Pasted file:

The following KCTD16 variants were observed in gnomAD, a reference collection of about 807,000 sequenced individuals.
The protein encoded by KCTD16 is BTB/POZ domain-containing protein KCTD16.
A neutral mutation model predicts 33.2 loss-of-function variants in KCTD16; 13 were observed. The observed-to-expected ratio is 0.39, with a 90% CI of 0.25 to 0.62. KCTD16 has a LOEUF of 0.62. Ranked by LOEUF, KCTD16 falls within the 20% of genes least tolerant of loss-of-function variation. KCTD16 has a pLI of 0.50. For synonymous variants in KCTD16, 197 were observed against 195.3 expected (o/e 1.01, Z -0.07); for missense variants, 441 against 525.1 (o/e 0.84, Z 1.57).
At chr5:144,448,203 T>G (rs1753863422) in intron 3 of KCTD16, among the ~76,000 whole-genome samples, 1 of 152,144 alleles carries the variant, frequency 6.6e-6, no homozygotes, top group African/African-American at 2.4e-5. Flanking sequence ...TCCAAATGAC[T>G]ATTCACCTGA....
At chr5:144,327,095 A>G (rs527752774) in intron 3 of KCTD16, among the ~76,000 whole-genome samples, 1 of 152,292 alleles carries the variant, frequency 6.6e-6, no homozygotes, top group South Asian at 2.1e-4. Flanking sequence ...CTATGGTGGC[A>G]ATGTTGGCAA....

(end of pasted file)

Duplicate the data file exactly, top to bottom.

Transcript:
The following KCTD16 variants were observed in gnomAD, a reference collection of about 807,000 sequenced individuals.
The protein encoded by KCTD16 is BTB/POZ domain-containing protein KCTD16.
A neutral mutation model predicts 33.2 loss-of-function variants in KCTD16; 13 were observed. The observed-to-expected ratio is 0.39, with a 90% CI of 0.25 to 0.62. KCTD16 has a LOEUF of 0.62. Ranked by LOEUF, KCTD16 falls within the 20% of genes least tolerant of loss-of-function variation. KCTD16 has a pLI of 0.50. For synonymous variants in KCTD16, 197 were observed against 195.3 expected (o/e 1.01, Z -0.07); for missense variants, 441 against 525.1 (o/e 0.84, Z 1.57).
At chr5:144,448,203 T>G (rs1753863422) in intron 3 of KCTD16, among the ~76,000 whole-genome samples, 1 of 152,144 alleles carries the variant, frequency 6.6e-6, no homozygotes, top group African/African-American at 2.4e-5. Flanking sequence ...TCCAAATGAC[T>G]ATTCACCTGA....
At chr5:144,327,095 A>G (rs527752774) in intron 3 of KCTD16, among the ~76,000 whole-genome samples, 1 of 152,292 alleles carries the variant, frequency 6.6e-6, no homozygotes, top group South Asian at 2.1e-4. Flanking sequence ...CTATGGTGGC[A>G]ATGTTGGCAA....